NIR Imaging System Visualizes Lymph and Blood Vessels
By Medimaging International staff writers
Posted on 02 May 2018
Image: The LightVision NIR fluorescence imaging system (Photo courtesy of Shimadzu).
A new indocyanine green (ICG) fluorescence imaging system supports breast cancer (BC) treatment by identifying lymph and blood vessels.
The Shimadzu (Kyoto, Japan) LightVision near-infrared (NIR) imaging system can create real time contrast images of lymph vessels below tissue surfaces by administering ICG through lymph vessels or veins, exposing it to an excitation light, and then detecting and visualizing the slight emission of NIR light from the ICG with an integrated X10 zoom camera. The camera mount arm can be extended to a length of 180 cm for optimal positioning during procedures, while the main unit is easily controlled via a simple and detachable control console.
Features of the system include built-in high-definition sensors to produce high quality, real-time images on a single monitor; automatic focusing, light exposure adjustment, and white balance (WB) adjustment; and image acquisition in a bright field of view, without needing to turn off room lighting in the operating room. The system also supports simultaneous display of three concurrent images, which means that a visible light image, a NIR fluorescence image, and a combined, superimposed image can all be displayed simultaneously, in real-time, on the same monitor screen. To identify the position of lymph nodes, lymph vessels, and blood vessels, the ICG areas of fluorescence can be displayed as either green or blue.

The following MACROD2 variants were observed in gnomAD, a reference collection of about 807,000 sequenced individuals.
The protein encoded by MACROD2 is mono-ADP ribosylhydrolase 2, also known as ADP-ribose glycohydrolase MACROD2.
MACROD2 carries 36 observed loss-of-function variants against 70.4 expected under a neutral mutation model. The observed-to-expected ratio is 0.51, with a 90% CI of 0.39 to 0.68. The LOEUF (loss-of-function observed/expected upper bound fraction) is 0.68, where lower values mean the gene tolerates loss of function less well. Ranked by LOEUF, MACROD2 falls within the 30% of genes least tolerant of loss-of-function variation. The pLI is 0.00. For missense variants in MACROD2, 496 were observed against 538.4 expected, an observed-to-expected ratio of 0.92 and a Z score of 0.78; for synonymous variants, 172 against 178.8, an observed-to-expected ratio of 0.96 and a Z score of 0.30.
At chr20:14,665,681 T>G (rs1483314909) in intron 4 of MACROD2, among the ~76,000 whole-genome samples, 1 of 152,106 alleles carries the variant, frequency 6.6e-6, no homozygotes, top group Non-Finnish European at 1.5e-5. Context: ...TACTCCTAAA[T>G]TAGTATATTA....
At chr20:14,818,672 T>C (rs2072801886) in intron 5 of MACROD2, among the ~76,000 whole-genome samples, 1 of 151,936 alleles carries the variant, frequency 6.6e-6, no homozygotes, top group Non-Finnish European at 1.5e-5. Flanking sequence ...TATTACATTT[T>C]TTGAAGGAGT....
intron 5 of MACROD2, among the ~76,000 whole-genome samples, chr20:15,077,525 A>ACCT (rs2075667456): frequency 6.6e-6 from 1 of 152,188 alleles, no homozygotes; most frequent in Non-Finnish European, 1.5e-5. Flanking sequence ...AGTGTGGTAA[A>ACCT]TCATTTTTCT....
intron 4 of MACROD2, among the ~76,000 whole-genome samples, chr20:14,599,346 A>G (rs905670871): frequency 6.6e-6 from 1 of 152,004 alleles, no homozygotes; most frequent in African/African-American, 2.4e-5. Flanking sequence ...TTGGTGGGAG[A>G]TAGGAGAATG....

By visualizing lymph vessels during surgery, surgeons can perform procedures while monitoring and shielding the position of the lymph vessels being excised, especially useful for identifying the position of sentinel lymph nodes (SLNs), which are important for diagnosing the metastasis status of cancer cells during BC surgery. Monitoring blood flow intraoperatively is also useful, by helping to evaluate blood flow through flaps and anastomotic vessels during breast reconstructive surgery.
“Due to the increasing rate of breast cancer morbidity, Shimadzu has invested significant resources toward applying state-of-the-art science and technology supporting the diagnosis and treatment of breast cancer,” said the company in a press statement. “The new LightVision system has been developed as part of this ongoing initiative. Shimadzu's long-term goal is to provide comprehensive support for early diagnosis, examination, treatment and prognosis management of diseases.”
Finding metastatic cancer cells during BC surgery requires first identifying the position of SNLs, which have a diameter of just a few millimeters, and then excising these nodes to diagnose their pathology. If the cancer has not yet metastasized to an SLN, subsequent axillary lymph node excision can be omitted, thus preventing consequent lymphedema and maintaining the patient's quality of life after surgery. In recent years the interest in using fluorescence methods for SLN biopsies has been increasing.